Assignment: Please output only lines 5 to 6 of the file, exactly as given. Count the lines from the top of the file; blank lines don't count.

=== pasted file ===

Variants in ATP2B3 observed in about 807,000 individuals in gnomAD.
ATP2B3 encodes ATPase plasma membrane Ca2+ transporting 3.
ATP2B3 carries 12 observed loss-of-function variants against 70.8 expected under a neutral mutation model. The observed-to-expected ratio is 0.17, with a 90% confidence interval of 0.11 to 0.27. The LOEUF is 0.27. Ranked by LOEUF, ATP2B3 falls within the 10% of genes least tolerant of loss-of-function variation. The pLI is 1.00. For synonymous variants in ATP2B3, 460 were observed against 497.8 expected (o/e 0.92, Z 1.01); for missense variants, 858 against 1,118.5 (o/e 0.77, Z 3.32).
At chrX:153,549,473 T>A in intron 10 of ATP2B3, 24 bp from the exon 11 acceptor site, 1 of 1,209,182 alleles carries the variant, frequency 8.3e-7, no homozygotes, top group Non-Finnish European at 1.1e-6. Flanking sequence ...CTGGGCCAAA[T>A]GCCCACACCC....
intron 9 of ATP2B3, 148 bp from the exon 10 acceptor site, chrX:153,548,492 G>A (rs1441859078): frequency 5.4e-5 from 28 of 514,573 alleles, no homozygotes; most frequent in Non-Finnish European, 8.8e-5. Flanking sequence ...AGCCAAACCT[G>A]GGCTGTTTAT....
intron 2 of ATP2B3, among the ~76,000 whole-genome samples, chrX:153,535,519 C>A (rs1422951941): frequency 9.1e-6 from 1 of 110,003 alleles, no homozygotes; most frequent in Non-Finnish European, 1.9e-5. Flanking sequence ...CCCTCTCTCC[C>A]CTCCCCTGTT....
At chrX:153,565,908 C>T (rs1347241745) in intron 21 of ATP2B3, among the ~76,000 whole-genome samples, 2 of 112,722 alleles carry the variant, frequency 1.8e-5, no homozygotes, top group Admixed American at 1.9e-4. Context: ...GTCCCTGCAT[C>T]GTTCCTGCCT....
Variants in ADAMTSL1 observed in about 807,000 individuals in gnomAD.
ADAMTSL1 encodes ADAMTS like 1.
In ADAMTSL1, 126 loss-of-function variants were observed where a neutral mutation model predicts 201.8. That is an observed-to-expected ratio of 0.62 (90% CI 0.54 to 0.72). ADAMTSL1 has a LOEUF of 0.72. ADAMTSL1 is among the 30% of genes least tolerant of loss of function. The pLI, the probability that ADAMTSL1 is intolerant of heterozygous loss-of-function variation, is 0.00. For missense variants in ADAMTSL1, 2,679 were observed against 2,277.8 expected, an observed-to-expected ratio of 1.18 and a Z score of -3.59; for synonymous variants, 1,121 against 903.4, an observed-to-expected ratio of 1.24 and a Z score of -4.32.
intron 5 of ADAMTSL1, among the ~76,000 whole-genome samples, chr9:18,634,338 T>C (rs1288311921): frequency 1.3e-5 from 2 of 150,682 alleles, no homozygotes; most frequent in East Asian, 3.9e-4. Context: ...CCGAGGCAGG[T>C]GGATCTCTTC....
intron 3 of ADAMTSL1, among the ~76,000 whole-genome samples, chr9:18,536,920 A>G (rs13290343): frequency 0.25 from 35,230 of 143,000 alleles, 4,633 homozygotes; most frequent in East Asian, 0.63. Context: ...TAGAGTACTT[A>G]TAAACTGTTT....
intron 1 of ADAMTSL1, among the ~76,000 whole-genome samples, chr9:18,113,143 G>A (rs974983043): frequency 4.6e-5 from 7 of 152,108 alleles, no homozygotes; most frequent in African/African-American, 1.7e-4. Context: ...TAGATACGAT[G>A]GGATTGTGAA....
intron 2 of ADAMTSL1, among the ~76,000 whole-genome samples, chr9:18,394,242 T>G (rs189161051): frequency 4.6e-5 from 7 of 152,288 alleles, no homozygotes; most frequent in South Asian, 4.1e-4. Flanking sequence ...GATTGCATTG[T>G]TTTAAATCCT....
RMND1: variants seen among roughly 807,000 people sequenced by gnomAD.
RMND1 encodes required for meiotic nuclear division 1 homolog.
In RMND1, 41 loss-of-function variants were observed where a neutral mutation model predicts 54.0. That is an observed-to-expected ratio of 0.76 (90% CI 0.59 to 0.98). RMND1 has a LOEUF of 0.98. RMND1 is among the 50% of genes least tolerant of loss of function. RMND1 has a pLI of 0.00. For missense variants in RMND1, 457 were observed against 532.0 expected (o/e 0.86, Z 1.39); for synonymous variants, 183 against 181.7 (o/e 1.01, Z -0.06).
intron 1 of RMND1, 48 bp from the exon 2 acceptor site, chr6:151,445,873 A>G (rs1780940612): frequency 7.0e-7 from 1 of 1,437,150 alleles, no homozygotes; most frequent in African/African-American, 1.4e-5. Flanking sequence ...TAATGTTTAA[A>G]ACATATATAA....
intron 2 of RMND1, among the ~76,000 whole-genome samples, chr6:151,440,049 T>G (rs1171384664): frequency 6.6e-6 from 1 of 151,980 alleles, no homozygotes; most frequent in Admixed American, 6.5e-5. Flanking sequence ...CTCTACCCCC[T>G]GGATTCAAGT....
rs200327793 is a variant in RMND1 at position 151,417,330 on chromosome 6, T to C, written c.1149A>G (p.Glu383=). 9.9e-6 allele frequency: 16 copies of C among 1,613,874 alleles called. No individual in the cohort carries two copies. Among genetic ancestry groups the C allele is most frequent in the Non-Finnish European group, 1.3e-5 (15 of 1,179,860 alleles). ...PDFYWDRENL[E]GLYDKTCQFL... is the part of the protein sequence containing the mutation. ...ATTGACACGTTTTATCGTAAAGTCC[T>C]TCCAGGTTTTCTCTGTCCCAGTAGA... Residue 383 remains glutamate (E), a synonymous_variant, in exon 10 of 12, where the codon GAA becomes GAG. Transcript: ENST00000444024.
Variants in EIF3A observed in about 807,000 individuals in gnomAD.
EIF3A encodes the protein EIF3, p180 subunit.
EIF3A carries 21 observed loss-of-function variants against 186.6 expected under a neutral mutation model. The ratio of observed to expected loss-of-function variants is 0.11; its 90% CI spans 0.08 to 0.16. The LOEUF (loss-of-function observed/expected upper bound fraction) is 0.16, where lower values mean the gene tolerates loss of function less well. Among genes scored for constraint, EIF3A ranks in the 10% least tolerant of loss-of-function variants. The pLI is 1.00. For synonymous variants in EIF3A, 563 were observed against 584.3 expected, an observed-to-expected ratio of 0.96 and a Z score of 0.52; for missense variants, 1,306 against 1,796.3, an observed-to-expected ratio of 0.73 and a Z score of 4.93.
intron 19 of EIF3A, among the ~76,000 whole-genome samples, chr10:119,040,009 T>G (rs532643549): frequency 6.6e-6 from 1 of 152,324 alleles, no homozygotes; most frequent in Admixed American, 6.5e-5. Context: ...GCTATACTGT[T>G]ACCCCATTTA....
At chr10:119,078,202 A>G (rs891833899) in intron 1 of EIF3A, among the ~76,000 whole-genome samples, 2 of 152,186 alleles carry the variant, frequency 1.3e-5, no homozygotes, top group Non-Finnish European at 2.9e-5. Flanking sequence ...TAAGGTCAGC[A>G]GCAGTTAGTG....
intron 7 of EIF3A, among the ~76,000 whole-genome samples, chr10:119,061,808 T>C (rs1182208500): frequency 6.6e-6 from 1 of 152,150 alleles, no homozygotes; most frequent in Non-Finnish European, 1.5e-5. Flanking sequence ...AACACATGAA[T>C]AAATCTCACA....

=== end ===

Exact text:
intron 9 of ATP2B3, 148 bp from the exon 10 acceptor site, chrX:153,548,492 G>A (rs1441859078): frequency 5.4e-5 from 28 of 514,573 alleles, no homozygotes; most frequent in Non-Finnish European, 8.8e-5. Flanking sequence ...AGCCAAACCT[G>A]GGCTGTTTAT....
intron 2 of ATP2B3, among the ~76,000 whole-genome samples, chrX:153,535,519 C>A (rs1422951941): frequency 9.1e-6 from 1 of 110,003 alleles, no homozygotes; most frequent in Non-Finnish European, 1.9e-5. Flanking sequence ...CCCTCTCTCC[C>A]CTCCCCTGTT....